The participants are to arrange accommodation separately from registration.OLYMPUS DIGITAL CAMERA

The School will be held at Hotel Zora, situated on a small peninsula just across the town of Primošten, lending spectacular views of the town and the sea.

For hotel accommodation please email the accommodation form to and also to .

Accommodation form.rtf>>>

Accommodation form.pdf>>>

If you choose a double room, please state the name of your roommate. If you do not have a roommate, we will find one for you amongst the other participants.

Conference rates are offered also outside the dates of the School.


Primošten is a small town situated on an islet, only a stone’s throw from the mainland (to which it was connected in the 16th century).

The principal attraction is the town itself: stone houses, churches and narrow, tortuous Mediterranean streets. Located within the maize of Dalmatian coves, islands and peninsulas, Primošten is a town with a rich and tumultuous history, once renowned for agriculture and now for tourism.

Lacework in stone – Bucavac

Primošten vineyards are practically carved in stone, with miles of drystone walls representing a genuine ode to human labor and persistence. Grape cultivation in this region dates back to the 8th century B.C., when vineyards were planted by the Illyrians and Liburnians, followed by the Greeks and Romans. In the 7th century A.D., grape cultivation was taken over by the Croats just arriving in the region. A long tradition has resulted in a local sort, Babić, which is considered to be of very high quality.

Prof. V. Tadijević calculated that for a single stonemason or farm laborer, it would take 1,200 years to raise the interminable drystone walls forming this 50-hectare vineyard, working seven hours a day. This inspiring achievement by generations of local laborers is presented in a photograph of the vineyards displayed in the lobby of the UN Headquarters in New York.

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Other points of interest nearby:

Split (Dalmatian Capital since Roman Times)

When Emperor Diocletian was considering retirement from governing the Roman Empire, he shopped around, found no decent accommodations and decided to build his own. Thus, Split was born. This magnificent walled city palace, built to Diocletian’s exacting standards, today retains enough of its original charms to attract visitors by the thousands.


Amid the remnants of Diocletian’s grand residences, pre-Christian sphinxes and the best marble that the neighboring island of Brač could provide, there is a pleasingly workaday town. Pavement cafés, cozy bars and plenty of shops mix with two lively markets and chic apartments built from the very barracks where Diocletian’s soldiers once lived.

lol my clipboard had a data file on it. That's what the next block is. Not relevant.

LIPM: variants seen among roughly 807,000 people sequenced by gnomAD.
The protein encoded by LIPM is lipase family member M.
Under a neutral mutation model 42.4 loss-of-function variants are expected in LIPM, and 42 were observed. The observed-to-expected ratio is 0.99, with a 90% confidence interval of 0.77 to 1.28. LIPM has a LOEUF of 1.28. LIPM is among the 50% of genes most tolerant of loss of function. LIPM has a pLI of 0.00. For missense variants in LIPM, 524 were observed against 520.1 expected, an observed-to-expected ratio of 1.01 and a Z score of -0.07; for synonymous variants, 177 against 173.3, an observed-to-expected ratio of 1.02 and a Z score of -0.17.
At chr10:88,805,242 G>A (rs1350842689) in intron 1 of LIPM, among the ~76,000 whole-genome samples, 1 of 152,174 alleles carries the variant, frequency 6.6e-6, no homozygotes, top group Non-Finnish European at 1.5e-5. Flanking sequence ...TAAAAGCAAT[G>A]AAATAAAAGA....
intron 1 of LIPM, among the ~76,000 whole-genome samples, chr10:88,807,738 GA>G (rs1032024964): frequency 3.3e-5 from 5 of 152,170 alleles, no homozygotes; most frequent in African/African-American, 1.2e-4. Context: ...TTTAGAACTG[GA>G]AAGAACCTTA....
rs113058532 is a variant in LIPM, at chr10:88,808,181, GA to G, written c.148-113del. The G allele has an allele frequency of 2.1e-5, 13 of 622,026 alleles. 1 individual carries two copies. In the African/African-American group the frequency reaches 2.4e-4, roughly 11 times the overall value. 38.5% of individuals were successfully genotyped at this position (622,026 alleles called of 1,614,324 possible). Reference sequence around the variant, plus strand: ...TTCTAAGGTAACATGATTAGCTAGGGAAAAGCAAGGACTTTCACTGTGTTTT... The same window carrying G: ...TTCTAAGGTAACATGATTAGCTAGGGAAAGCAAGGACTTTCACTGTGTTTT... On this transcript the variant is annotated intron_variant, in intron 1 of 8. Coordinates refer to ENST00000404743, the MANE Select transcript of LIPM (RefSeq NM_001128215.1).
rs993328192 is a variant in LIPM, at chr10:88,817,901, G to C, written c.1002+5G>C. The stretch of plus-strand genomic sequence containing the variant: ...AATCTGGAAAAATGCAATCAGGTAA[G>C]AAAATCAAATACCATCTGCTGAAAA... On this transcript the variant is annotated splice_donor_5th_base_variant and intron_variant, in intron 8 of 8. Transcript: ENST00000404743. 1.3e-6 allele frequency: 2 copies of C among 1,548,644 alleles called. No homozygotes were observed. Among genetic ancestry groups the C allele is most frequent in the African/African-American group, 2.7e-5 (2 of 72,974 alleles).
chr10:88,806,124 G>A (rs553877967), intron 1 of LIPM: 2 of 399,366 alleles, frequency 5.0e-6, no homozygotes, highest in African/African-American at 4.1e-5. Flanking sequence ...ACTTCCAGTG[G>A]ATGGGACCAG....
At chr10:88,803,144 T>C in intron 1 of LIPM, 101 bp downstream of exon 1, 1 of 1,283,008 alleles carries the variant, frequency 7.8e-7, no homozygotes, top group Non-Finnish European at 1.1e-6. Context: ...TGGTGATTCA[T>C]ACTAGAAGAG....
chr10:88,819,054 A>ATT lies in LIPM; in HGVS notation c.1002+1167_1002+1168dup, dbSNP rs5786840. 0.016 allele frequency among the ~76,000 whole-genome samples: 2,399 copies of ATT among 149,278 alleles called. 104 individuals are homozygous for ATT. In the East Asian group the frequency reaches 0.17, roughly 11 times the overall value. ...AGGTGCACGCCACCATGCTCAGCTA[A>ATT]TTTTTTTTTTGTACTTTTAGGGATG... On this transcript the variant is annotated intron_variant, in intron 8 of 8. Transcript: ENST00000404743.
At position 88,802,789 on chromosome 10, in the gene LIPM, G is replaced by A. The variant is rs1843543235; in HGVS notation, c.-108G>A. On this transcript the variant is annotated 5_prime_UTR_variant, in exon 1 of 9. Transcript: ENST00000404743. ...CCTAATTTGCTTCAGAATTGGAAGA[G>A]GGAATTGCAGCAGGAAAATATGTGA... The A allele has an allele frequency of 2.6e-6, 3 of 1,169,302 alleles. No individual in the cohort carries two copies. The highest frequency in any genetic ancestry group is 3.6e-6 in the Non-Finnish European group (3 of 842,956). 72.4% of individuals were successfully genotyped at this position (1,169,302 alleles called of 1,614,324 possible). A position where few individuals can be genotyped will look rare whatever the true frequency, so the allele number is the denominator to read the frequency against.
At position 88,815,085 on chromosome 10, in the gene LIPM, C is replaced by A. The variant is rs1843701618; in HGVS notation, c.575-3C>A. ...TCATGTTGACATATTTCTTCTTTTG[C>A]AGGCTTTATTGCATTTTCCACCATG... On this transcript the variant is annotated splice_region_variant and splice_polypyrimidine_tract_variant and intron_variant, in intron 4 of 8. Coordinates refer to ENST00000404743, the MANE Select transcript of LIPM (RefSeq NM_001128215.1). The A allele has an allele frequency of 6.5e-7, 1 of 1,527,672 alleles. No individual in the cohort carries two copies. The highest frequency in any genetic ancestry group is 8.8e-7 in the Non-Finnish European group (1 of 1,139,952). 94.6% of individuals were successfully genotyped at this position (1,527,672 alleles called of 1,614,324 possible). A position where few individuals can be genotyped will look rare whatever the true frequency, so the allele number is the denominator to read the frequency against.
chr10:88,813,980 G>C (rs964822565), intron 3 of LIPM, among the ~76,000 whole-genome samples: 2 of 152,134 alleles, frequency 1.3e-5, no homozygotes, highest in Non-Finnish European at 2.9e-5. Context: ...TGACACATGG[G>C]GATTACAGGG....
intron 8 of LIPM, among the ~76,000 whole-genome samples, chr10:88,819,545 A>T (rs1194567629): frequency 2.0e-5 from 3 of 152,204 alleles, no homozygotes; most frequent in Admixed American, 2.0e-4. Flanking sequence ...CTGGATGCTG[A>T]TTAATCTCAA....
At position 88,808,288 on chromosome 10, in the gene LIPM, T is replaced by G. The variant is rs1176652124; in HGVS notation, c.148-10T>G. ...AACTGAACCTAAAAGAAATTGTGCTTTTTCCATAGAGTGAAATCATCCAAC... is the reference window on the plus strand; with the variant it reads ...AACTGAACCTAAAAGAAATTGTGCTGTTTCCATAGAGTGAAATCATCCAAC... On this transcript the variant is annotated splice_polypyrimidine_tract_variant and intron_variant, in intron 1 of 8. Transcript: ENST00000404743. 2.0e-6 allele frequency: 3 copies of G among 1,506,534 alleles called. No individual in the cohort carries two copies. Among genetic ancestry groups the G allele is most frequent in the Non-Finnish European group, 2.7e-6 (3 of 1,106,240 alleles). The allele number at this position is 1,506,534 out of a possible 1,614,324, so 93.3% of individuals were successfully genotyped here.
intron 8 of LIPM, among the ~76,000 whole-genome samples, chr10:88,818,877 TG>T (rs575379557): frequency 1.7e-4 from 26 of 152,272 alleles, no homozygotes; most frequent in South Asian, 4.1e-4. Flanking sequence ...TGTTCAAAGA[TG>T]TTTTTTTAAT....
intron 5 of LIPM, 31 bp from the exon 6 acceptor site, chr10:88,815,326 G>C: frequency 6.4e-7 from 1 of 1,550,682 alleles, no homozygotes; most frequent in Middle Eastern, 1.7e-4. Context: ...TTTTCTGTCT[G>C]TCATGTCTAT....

Split is the economic and administrative center of Central Dalmatia, with about 200,000 inhabitants. It is a busy port.  An international airport and regular ferry services connect Split to the nearby islands, the Northern and Southern Adriatic, Italy and Greece.

Kornati (National Park)

Kornati-Source-Wikipedia_mediumAccording to legend, the Kornati, a labyrinth of straits and islands, was created from a fistful of rocks that were left over when God created the world. He threw them into the sea, looked down and decided that they were perfect as they were. “The gods wanted to crown their work and on the last day they created the Kornati Islands out of tears, stars and breath,” wrote George Bernard Shaw about the most indented island group in the whole Mediterranean.

Distance: 90 minutes by boat


Old medieval town /UNESCO heritage site Distance: 30 km

How to Get to Primošten



By Plane:

Split Airport (35 km) – Regular and low-cost airlines, direct connections available from major European centers throughout the season. Zadar Airport (100 km) – If you are arriving to Zadar (presumably by EasyJet), you will need to take a bus. Check By BUS link.

Zagreb Airport (350 km) – You should try to avoid this solution and organize a connecting flight to Split yourself. Otherwise, check By BUS link.

By car:

  • From Zagreb (350 km) – Take the A1 Motorway and exit at Šibenik. Take Route E65 and drive 30 km to Primošten.
  • From Rijeka (310 km) – Take the D8 State Road or Senj. Continue on the A1 Motorway and exit at Šibenik. Take, route E65 and rive 30 km to Primošten.
  • From Zadar (100 km) – Take route E65 in the direction of Split, via Primošten.
  • From Split (60 km) – Take Route E65 in the direction of Zadar/Šibenik, via Primošten.

By Bus:

You will need a bus connection if you found an airline ticket that only takes you to Zagreb or if you are coming by ferry from Italy to Zadar or Split.

Regular bus lines connect Zagreb (€50 round trip from the bus station) and Split almost every hour.

From the Split bus bus station take a local bus (about €10 round trip) in the direction of Šibenik or Zadar. These buses should pass through Primošten.

If you arrive at the Zadar Airport, first go to the Zadar bus station (by taxi or bus). From there, take a bus in the direction of Split, which normally should pass through Primošten – check with the ticket counter clerk.

Tell the bus driver in advance that you intend to get off in Primošten.

(The buses that take the A1 Motorway between Zadar and Split do not go along the coast, and therefore, should not be used to go to Primošten.)

By Rail:

From Zagreb, take a train to the railway stations in Šibenik or Split. (The organizers do not advise this solution because the trains are much slower than buses.)